Currently there are 90 living species of cetaceans, which include both whales and the related dolphins and porpoises. Whales are commonly divided into two main groups: toothed whales and baleen whales. Toothed whales, similar to the famed sperm whale Moby Dick or the notorious orca or killer whale, have teeth and eat their prey. Baleen whales have narrow plates of baleen, a keratin substance similar in composition to fingernails, in their mouths. These are essentially huge fringed brushes inside their mouths that act as sieves. The whale draws in water and filters it through the baleen, capturing huge numbers of small marine crustaceans, and then expels the water swallowing the food.
The famed blue whale is a baleen whale taking in up to 6 tons of water in a single gulp, then closing its mouth and forcing the water out through the baleen trapping food and then swallowing it. As a matter of record, the blue whale is the largest animal that has ever lived. Yes, that includes dinosaurs. Blue whales weigh somewhere around 200 tons (400,000 lbs.) and are 100 feet (30 m) long or as long as a Boeing 737. Their hearts are the size of a small car (1300 lbs.).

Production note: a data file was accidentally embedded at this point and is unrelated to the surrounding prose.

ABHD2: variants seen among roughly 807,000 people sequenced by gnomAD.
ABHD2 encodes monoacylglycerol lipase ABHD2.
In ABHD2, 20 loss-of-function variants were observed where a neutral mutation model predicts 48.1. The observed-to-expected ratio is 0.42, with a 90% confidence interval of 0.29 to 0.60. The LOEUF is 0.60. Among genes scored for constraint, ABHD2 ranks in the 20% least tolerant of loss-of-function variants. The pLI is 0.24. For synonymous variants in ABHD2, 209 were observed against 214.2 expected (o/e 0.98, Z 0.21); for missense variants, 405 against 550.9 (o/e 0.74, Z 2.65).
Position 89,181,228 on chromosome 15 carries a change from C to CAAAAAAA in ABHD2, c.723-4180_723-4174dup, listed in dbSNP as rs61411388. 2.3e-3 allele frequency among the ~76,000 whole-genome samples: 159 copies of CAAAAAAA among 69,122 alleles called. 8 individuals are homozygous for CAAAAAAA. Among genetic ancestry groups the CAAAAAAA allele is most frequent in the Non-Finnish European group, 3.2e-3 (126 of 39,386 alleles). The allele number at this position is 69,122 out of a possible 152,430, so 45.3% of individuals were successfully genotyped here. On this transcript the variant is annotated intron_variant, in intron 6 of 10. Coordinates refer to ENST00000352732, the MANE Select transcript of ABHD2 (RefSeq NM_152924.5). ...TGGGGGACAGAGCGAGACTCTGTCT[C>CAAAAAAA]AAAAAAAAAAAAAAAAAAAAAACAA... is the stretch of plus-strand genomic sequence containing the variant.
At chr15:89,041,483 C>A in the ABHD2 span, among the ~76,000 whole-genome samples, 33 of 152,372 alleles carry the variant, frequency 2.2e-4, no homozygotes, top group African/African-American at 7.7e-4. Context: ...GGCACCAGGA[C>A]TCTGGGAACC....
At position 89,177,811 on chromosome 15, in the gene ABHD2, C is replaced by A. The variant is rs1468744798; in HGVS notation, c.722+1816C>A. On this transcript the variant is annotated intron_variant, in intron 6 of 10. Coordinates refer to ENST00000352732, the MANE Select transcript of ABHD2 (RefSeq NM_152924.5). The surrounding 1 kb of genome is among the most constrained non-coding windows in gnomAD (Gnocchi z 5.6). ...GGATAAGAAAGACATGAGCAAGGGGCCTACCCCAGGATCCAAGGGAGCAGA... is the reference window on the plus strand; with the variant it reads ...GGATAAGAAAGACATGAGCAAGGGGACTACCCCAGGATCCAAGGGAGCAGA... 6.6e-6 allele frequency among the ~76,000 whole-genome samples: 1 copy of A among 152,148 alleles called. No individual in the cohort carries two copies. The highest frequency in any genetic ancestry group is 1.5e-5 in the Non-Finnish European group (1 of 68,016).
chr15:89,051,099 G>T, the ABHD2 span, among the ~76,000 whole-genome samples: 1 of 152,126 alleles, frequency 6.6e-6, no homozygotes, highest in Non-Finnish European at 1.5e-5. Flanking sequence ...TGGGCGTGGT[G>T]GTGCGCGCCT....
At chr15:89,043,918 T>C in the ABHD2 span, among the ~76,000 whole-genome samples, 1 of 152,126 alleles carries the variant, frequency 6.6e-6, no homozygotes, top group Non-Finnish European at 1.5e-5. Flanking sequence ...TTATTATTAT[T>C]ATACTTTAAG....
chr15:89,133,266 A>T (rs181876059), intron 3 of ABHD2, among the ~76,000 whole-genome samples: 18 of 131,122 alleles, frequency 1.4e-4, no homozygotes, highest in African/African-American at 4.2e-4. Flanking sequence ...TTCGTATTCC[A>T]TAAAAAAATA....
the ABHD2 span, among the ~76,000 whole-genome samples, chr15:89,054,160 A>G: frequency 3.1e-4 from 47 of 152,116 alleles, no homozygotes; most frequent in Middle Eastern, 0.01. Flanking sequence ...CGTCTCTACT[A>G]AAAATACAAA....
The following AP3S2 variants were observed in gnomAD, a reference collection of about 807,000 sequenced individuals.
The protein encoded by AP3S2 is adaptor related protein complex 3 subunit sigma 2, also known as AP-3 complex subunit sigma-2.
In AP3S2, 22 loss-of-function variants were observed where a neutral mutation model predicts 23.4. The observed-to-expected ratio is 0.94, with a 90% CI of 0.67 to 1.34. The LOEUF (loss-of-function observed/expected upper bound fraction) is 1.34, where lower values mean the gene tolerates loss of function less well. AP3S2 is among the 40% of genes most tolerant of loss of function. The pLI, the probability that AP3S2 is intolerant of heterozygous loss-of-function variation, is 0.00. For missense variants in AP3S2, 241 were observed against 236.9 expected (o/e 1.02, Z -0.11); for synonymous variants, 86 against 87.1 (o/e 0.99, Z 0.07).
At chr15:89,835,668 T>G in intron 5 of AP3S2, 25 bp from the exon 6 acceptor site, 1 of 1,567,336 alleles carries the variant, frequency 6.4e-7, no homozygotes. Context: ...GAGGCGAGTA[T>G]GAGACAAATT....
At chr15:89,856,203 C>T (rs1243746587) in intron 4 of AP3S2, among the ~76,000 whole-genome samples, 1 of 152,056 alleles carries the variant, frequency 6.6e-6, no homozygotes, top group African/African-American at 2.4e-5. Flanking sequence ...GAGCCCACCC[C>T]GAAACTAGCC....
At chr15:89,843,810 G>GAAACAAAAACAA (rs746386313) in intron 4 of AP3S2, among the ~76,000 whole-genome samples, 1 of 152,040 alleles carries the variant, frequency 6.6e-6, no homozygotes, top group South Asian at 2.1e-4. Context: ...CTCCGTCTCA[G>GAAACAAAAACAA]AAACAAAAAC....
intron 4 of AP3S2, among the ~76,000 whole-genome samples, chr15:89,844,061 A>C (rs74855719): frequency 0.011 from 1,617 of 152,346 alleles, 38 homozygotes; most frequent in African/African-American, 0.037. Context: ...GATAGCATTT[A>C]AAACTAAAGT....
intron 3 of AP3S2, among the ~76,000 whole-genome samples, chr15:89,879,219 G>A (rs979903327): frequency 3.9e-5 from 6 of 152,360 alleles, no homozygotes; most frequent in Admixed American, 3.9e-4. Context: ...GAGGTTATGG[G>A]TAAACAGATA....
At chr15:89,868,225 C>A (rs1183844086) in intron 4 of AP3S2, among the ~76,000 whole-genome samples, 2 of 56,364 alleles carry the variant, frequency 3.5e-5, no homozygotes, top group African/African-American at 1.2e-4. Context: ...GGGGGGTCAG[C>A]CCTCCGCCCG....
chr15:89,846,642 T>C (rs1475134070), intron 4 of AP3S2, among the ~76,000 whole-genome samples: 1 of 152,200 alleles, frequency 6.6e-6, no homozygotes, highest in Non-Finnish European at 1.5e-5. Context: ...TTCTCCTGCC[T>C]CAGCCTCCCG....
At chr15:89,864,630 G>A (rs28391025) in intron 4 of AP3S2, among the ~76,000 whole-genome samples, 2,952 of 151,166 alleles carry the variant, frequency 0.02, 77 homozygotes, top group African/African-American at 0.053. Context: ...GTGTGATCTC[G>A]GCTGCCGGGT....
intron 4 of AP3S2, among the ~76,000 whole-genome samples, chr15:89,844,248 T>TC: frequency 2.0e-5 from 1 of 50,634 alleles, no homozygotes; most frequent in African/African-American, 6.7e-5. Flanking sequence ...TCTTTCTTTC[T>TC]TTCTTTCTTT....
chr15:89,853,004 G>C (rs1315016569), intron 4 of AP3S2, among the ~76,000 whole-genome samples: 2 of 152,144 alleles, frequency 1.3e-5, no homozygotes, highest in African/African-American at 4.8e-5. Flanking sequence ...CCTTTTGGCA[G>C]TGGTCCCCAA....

The southern right whale (Eubalaena australis), with which I began this story, is also a baleen whale. Weighing around 52 tons (104,000 lbs.) and around 49 feet (15 m) in length, they can live up to 70 years. Black in color—for this reason they have also been called black whales—they have large broad pectoral fins, and are also notable for lacking a dorsal fin, the upright fin on the top (back) of a whale’s body.
The head of a southern right whale makes up a third of the animal’s length and is covered with callosities, raised patches of white, rough skin that apparently become infested with whale lice. Apparently the young are born with these callosities.